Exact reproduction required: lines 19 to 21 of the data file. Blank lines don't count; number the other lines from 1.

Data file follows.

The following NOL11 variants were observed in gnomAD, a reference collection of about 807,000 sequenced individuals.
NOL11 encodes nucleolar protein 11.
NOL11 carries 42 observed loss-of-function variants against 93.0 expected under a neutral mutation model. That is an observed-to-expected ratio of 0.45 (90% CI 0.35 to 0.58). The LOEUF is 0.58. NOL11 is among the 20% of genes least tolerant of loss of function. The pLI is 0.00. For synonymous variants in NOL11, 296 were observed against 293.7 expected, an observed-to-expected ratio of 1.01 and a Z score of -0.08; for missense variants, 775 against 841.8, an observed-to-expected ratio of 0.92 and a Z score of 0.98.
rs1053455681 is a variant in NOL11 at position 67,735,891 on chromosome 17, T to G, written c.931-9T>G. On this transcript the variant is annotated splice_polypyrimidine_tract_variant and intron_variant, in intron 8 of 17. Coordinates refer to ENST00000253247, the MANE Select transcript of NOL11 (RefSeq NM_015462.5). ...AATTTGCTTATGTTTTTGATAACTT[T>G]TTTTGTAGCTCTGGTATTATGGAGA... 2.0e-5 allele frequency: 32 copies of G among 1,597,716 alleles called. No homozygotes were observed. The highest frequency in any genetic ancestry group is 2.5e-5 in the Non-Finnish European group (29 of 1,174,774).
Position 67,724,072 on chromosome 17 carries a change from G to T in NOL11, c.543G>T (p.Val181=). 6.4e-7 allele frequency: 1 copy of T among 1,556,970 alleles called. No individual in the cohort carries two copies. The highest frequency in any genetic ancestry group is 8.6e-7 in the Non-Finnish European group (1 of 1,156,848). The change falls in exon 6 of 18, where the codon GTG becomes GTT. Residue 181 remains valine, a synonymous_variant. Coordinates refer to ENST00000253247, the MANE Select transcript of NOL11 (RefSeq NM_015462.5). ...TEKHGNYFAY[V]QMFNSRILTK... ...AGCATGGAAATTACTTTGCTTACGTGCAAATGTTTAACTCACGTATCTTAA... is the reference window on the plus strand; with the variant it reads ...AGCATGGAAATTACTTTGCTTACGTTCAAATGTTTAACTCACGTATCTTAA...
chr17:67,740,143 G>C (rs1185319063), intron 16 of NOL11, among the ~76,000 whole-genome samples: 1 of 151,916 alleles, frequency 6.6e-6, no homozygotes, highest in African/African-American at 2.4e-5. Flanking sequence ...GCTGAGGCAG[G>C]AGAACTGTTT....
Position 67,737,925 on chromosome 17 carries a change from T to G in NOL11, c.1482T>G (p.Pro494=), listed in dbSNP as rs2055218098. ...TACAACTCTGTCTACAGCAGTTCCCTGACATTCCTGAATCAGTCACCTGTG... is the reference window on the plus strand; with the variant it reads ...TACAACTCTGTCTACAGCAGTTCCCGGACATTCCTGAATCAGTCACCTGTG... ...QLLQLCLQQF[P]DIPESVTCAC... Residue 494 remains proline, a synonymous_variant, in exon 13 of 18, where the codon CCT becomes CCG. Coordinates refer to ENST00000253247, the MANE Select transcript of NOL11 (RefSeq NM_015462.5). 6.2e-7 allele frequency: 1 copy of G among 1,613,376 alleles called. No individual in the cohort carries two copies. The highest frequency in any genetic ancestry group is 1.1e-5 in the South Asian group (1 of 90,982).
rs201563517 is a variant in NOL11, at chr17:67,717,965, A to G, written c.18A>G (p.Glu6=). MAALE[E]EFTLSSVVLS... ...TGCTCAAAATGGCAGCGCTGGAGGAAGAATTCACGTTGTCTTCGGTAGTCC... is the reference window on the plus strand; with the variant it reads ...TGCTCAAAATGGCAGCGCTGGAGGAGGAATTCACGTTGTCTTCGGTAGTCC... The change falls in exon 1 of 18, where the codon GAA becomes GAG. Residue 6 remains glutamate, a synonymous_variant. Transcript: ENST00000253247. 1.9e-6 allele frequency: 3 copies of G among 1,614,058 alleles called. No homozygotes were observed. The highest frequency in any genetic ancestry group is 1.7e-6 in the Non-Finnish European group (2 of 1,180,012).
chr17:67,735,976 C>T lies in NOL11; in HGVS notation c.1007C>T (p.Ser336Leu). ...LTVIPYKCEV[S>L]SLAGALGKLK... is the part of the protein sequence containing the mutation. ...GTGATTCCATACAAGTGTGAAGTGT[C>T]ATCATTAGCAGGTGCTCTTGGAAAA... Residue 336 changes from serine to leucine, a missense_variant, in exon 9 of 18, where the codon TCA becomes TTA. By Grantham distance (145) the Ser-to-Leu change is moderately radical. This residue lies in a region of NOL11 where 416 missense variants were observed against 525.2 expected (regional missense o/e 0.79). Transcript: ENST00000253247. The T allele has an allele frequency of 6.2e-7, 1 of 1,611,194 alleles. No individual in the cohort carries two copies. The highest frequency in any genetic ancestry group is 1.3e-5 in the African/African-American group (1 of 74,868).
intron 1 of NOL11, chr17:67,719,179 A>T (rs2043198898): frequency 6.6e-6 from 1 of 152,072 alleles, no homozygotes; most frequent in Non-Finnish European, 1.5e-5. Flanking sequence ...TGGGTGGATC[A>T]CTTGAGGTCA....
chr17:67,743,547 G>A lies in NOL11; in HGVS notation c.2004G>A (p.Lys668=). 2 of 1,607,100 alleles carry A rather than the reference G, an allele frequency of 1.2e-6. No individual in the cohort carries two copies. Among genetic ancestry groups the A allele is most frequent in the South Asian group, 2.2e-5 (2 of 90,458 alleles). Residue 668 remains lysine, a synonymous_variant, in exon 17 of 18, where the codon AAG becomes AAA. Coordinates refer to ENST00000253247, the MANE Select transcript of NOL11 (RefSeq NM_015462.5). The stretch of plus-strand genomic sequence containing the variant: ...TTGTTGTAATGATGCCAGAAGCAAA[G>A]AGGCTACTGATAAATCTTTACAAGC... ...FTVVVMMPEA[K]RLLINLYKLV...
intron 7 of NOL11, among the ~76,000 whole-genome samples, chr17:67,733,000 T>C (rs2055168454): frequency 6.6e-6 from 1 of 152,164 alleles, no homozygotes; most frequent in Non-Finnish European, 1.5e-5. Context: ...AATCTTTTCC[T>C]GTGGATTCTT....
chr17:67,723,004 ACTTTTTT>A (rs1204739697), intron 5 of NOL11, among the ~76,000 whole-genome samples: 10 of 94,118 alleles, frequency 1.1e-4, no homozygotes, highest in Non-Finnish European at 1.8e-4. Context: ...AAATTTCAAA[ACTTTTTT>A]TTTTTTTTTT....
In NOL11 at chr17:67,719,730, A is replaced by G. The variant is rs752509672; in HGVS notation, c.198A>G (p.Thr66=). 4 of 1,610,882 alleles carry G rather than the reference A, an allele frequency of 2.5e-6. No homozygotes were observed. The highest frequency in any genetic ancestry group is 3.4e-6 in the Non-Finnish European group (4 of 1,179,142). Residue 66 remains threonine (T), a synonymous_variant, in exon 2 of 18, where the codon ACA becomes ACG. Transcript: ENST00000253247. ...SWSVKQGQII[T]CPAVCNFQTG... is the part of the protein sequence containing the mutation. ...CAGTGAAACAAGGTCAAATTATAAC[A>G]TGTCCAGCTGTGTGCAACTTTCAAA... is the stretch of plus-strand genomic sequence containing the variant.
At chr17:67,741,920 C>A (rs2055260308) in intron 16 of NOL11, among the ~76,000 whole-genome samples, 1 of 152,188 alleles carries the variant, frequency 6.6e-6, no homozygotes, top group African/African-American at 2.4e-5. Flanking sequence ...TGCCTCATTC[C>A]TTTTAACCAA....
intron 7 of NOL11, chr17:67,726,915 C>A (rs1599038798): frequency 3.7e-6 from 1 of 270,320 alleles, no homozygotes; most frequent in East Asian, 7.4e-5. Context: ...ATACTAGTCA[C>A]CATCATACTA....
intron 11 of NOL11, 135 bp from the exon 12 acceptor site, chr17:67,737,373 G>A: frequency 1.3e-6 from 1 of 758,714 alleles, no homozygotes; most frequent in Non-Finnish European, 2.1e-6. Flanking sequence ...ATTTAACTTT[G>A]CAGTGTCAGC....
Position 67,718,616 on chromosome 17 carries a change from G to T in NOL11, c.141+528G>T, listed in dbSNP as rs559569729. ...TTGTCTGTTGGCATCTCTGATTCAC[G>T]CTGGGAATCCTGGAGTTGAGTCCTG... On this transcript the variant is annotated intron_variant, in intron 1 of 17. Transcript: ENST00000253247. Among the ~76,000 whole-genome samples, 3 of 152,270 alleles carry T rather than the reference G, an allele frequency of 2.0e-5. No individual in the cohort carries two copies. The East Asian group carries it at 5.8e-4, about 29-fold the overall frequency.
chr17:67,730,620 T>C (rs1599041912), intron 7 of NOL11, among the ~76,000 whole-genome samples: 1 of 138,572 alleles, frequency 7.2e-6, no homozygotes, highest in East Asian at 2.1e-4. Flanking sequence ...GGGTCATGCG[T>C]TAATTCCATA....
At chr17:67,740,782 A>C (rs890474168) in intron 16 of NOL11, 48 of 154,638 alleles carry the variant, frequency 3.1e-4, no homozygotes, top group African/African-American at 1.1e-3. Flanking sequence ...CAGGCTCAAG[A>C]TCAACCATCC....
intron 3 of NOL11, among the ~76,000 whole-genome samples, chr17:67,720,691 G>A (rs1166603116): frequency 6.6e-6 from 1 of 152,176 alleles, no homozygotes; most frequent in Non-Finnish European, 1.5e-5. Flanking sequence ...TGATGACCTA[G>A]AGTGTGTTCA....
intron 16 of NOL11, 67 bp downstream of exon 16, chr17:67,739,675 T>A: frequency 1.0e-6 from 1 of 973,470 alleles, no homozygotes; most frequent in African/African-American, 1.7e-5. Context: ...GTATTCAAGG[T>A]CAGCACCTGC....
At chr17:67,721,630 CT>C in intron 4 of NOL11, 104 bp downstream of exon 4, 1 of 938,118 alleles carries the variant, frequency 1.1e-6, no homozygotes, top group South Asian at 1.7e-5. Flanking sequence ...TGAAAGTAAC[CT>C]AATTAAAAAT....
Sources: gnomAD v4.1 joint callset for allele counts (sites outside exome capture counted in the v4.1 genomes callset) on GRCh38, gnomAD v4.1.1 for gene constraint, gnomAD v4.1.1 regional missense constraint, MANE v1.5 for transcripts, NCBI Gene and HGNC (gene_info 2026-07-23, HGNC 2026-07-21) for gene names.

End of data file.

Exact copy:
chr17:67,730,620 T>C (rs1599041912), intron 7 of NOL11, among the ~76,000 whole-genome samples: 1 of 138,572 alleles, frequency 7.2e-6, no homozygotes, highest in East Asian at 2.1e-4. Flanking sequence ...GGGTCATGCG[T>C]TAATTCCATA....
At chr17:67,740,782 A>C (rs890474168) in intron 16 of NOL11, 48 of 154,638 alleles carry the variant, frequency 3.1e-4, no homozygotes, top group African/African-American at 1.1e-3. Flanking sequence ...CAGGCTCAAG[A>C]TCAACCATCC....
intron 3 of NOL11, among the ~76,000 whole-genome samples, chr17:67,720,691 G>A (rs1166603116): frequency 6.6e-6 from 1 of 152,176 alleles, no homozygotes; most frequent in Non-Finnish European, 1.5e-5. Flanking sequence ...TGATGACCTA[G>A]AGTGTGTTCA....